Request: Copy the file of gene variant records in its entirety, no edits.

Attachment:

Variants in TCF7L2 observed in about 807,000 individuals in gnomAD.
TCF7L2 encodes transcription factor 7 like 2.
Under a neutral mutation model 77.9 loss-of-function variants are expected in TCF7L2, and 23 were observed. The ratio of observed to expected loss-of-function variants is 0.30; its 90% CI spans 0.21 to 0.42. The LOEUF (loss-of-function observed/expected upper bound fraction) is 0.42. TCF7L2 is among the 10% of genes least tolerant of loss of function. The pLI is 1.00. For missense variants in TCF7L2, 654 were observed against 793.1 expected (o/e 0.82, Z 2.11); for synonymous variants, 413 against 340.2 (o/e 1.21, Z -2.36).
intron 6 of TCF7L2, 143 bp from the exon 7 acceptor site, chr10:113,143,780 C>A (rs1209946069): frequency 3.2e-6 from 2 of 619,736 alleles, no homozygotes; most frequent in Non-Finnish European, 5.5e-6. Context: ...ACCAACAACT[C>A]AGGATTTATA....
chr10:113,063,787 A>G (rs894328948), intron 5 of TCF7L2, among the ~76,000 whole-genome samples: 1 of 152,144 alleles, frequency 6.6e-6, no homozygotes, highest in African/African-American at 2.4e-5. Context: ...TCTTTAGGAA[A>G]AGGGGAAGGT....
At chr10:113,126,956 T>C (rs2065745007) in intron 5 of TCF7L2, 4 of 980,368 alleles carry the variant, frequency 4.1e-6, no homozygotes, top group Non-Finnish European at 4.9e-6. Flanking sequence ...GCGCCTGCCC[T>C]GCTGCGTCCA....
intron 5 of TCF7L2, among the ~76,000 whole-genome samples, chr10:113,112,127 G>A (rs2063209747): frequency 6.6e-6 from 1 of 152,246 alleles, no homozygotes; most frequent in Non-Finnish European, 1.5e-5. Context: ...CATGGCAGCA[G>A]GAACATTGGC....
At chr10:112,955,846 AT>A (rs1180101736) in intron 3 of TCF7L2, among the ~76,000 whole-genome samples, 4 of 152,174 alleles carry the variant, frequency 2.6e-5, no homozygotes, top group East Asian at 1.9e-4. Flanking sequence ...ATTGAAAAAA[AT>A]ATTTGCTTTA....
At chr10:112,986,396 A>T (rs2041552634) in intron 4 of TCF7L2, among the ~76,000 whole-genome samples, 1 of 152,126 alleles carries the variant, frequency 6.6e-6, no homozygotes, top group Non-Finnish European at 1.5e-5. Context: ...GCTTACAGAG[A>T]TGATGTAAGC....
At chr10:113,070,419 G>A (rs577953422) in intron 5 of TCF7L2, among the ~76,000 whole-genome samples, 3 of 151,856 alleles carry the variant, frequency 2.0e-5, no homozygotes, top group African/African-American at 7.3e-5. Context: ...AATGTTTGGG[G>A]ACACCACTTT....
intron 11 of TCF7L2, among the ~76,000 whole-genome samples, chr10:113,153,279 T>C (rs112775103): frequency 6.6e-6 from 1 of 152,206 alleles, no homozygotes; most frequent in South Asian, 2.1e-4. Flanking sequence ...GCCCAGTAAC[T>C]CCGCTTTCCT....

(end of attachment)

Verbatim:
Variants in TCF7L2 observed in about 807,000 individuals in gnomAD.
TCF7L2 encodes transcription factor 7 like 2.
Under a neutral mutation model 77.9 loss-of-function variants are expected in TCF7L2, and 23 were observed. The ratio of observed to expected loss-of-function variants is 0.30; its 90% CI spans 0.21 to 0.42. The LOEUF (loss-of-function observed/expected upper bound fraction) is 0.42. TCF7L2 is among the 10% of genes least tolerant of loss of function. The pLI is 1.00. For missense variants in TCF7L2, 654 were observed against 793.1 expected (o/e 0.82, Z 2.11); for synonymous variants, 413 against 340.2 (o/e 1.21, Z -2.36).
intron 6 of TCF7L2, 143 bp from the exon 7 acceptor site, chr10:113,143,780 C>A (rs1209946069): frequency 3.2e-6 from 2 of 619,736 alleles, no homozygotes; most frequent in Non-Finnish European, 5.5e-6. Context: ...ACCAACAACT[C>A]AGGATTTATA....
chr10:113,063,787 A>G (rs894328948), intron 5 of TCF7L2, among the ~76,000 whole-genome samples: 1 of 152,144 alleles, frequency 6.6e-6, no homozygotes, highest in African/African-American at 2.4e-5. Context: ...TCTTTAGGAA[A>G]AGGGGAAGGT....
At chr10:113,126,956 T>C (rs2065745007) in intron 5 of TCF7L2, 4 of 980,368 alleles carry the variant, frequency 4.1e-6, no homozygotes, top group Non-Finnish European at 4.9e-6. Flanking sequence ...GCGCCTGCCC[T>C]GCTGCGTCCA....
intron 5 of TCF7L2, among the ~76,000 whole-genome samples, chr10:113,112,127 G>A (rs2063209747): frequency 6.6e-6 from 1 of 152,246 alleles, no homozygotes; most frequent in Non-Finnish European, 1.5e-5. Context: ...CATGGCAGCA[G>A]GAACATTGGC....
At chr10:112,955,846 AT>A (rs1180101736) in intron 3 of TCF7L2, among the ~76,000 whole-genome samples, 4 of 152,174 alleles carry the variant, frequency 2.6e-5, no homozygotes, top group East Asian at 1.9e-4. Flanking sequence ...ATTGAAAAAA[AT>A]ATTTGCTTTA....
At chr10:112,986,396 A>T (rs2041552634) in intron 4 of TCF7L2, among the ~76,000 whole-genome samples, 1 of 152,126 alleles carries the variant, frequency 6.6e-6, no homozygotes, top group Non-Finnish European at 1.5e-5. Context: ...GCTTACAGAG[A>T]TGATGTAAGC....
At chr10:113,070,419 G>A (rs577953422) in intron 5 of TCF7L2, among the ~76,000 whole-genome samples, 3 of 151,856 alleles carry the variant, frequency 2.0e-5, no homozygotes, top group African/African-American at 7.3e-5. Context: ...AATGTTTGGG[G>A]ACACCACTTT....
intron 11 of TCF7L2, among the ~76,000 whole-genome samples, chr10:113,153,279 T>C (rs112775103): frequency 6.6e-6 from 1 of 152,206 alleles, no homozygotes; most frequent in South Asian, 2.1e-4. Flanking sequence ...GCCCAGTAAC[T>C]CCGCTTTCCT....